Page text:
Life Beyond Reed

Nicole Wiswell ’02 (continued)

Photo by Jamey Guy

Engineer Officer/Platoon Leader, U.S. Army

Nicole always dreamed of serving her country, but the old policy of “don’t ask, don’t tell,” barred gays and lesbians from serving openly in the military. So she came to Reed and majored in religion. After graduation, she worked in a residential treatment center before switching gears and studying law at the University of Minnesota. Then she got a part-time gig at Apple showing people how to use their computers that turned into a full-time job training Apple employees. When “don’t ask, don’t tell” was finally repealed, she signed up for the National Guard, where she is now a lieutenant leading a platoon of vertical engineers.

Thesis: Recreation, Race, and Lynching: Toward a New Theory in the Study of Southern Religion. Advisor: Prof. Arthur McCalla [religion 1999-2005].

How would you describe yourself? I’m just your average liberal, queer, feminist Quaker who also happens to be an Army officer.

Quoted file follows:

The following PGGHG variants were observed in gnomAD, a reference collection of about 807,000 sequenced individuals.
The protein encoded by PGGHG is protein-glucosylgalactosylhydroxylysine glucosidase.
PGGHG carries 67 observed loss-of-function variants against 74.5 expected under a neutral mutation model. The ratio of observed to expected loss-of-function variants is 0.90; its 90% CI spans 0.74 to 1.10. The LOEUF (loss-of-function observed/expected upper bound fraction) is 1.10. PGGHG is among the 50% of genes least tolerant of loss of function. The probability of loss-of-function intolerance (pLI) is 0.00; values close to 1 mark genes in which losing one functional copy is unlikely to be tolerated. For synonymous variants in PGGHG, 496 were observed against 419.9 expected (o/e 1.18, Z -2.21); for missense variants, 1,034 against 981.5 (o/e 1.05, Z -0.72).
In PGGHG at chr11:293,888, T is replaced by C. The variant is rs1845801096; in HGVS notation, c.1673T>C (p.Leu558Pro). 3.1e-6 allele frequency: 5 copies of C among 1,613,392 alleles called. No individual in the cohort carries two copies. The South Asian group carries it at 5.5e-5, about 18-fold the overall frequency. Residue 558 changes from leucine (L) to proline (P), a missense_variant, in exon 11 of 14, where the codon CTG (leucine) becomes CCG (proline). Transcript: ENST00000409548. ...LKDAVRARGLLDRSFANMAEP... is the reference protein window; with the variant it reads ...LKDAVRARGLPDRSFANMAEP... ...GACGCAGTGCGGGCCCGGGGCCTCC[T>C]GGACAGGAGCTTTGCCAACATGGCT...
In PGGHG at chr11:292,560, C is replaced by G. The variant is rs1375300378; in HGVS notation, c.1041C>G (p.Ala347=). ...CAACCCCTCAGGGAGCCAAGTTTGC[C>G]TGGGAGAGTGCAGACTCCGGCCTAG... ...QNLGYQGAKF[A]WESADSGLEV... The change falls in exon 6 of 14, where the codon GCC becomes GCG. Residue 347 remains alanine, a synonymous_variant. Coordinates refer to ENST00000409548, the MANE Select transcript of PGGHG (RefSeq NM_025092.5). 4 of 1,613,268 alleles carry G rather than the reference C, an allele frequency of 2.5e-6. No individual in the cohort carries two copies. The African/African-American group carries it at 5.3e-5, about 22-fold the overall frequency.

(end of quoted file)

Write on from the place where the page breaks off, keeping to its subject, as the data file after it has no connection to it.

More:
Why did you choose to major in religion? Having been exposed to math and physics—the immutable laws of nature—I was interested in the man-made laws, belief systems, and orders. Like law, religion is an ordering system in people’s lives.

What is a vertical engineer? Vertical engineers are the builders. My unit builds hospitals, schools, and helicopter pads. When the Dakotas have flooding, we help shore up the riverbanks. I spent six months in the Ozarks learning everything engineers do from demolition and route clearance to formulas for calculating how much tonnage a bridge can handle. It’s a lot of math, but it’s fun.

Isn’t military service an unusual choice for a Reedie? The U.S. has always had a weird relationship with its citizens who are in the military. On one hand they’re revered as heroes, the people who defend freedom—whatever that means—and yet they’re seen as apart. My dad was a doctor in the army for 25 years and as a kid I wanted to go to West Point and be a soldier, or maybe an astronaut. Some of our first conversations in Hum 110 were about civic responsibility and the citizen-soldier in Plato’s ideal city. Serving in the military is one way to protect the ideals you believe in.

What career advice do you have for Reedies? Be open to whatever is out there. Don’t worry if the first two—or seven—things you do after college aren’t what you thought you’d be doing. It doesn’t have to be your dream job—just find value in it and see how you develop as a person. That night job at a treatment center might give you the time to write the great American novel, apply to grad schools, or study for law exams.